Showing 2 results

Archival description
Martindale, Cyril Charlie (1879–1963), Jesuit and scholar
Print preview View:

Letter from Marius Bewley to James Smith

[St Paul Seminary, St Paul, Minnesota.]—Is sorry he was unable to see Smith in New York, and apologises for appearing pessimistic about England. Today was the first registration for conscription, but he will not be able to declare himself as a conscientious objector till later, if at all. Is reading Stratmann’s 'The Church and War' and is trying to get hold of Gerald Vann’s book ['Morality and War']. Will send him the 'Catholic Worker'. Is expecting things to go well at the seminary, but a homecoming of old priests and a visit by the editor of the 'Irish Literary Review', ‘the worst sort of Bloomsbury man’, provoked personal crises. Recommends Berdyaev’s 'The Bourgeois Mind'. Is cheered by the contempt with which the other seminarians treat the compulsory course in education. Leavis’s article in September’s 'Scrutiny' shows that he is becoming increasingly discontent with his position of ‘standardless “strenuous centrality”’. Is praying for Leavis and for [F. W.] Bradbrook. Admits the justice of Queenie [Leavis]’s remarks on the ‘Catholic covert apologist’, as treated by Orwell, and refers to the cliquishness of the ‘Martindale–Ronald Knox group’. Asks for prayers in support of his desire to become a priest, and encourages Smith to consider the same step. Wilfrid is married and Dennis is consoling himself with gardening. Bewley now finds 'Scrutiny' even more justified than he did at Downing, but he would not want the ‘longingness’ with which he looks back to be fulfilled. Smith’s advice has helped him in his struggles with his attitude towards the Church. Is considering going into a third order with the Dominicans. Reiterates the archbishop’s plans for him [see 1/8]. Asks how long Smith will be in Venezuela, and suggests he consider joining the priesthood in America.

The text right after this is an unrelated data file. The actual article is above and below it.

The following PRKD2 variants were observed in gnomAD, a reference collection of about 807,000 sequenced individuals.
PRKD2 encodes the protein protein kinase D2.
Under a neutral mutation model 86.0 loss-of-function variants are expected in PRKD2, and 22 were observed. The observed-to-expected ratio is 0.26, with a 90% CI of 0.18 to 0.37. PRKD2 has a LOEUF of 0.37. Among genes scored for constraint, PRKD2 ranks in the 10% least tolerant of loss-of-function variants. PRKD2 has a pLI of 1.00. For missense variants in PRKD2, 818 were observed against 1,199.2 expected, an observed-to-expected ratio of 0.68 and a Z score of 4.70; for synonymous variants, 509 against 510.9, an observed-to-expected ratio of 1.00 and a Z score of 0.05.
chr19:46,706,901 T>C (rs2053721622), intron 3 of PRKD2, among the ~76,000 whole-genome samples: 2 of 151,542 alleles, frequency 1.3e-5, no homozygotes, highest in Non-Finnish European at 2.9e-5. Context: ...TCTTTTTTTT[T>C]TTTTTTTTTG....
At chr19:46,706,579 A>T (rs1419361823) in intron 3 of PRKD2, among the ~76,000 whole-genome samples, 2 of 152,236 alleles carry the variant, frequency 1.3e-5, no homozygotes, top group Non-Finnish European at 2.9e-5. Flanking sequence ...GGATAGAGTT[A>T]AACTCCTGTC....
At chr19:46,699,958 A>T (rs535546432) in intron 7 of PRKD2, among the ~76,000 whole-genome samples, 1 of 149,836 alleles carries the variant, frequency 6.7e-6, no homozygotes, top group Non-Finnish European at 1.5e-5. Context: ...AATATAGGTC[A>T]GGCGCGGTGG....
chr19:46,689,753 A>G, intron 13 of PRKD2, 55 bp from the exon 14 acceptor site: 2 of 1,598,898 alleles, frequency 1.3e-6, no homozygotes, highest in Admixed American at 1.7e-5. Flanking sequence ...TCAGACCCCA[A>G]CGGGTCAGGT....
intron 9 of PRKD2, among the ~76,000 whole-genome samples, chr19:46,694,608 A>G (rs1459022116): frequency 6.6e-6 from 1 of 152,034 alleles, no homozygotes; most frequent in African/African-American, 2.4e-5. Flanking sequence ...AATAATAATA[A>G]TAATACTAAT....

Letter from Bernard Dickinson to James Smith

Boarbank Hall, Grange-over-Sands, Lancs.—Has learned from Father Petit of Smith’s return to Cambridge. Encloses news from Father Hanrahan of a vacant chair at Fribourg and refers to his own experience of the place. Hanrahan has also written to Fathers Gilbey, Corbishley, and Martindale. Has now been chaplain at Boarbank Hall, a convalescent home for insurance patients, for four years. Encourages Smith to come and stay if he ever needs a few days’ peace.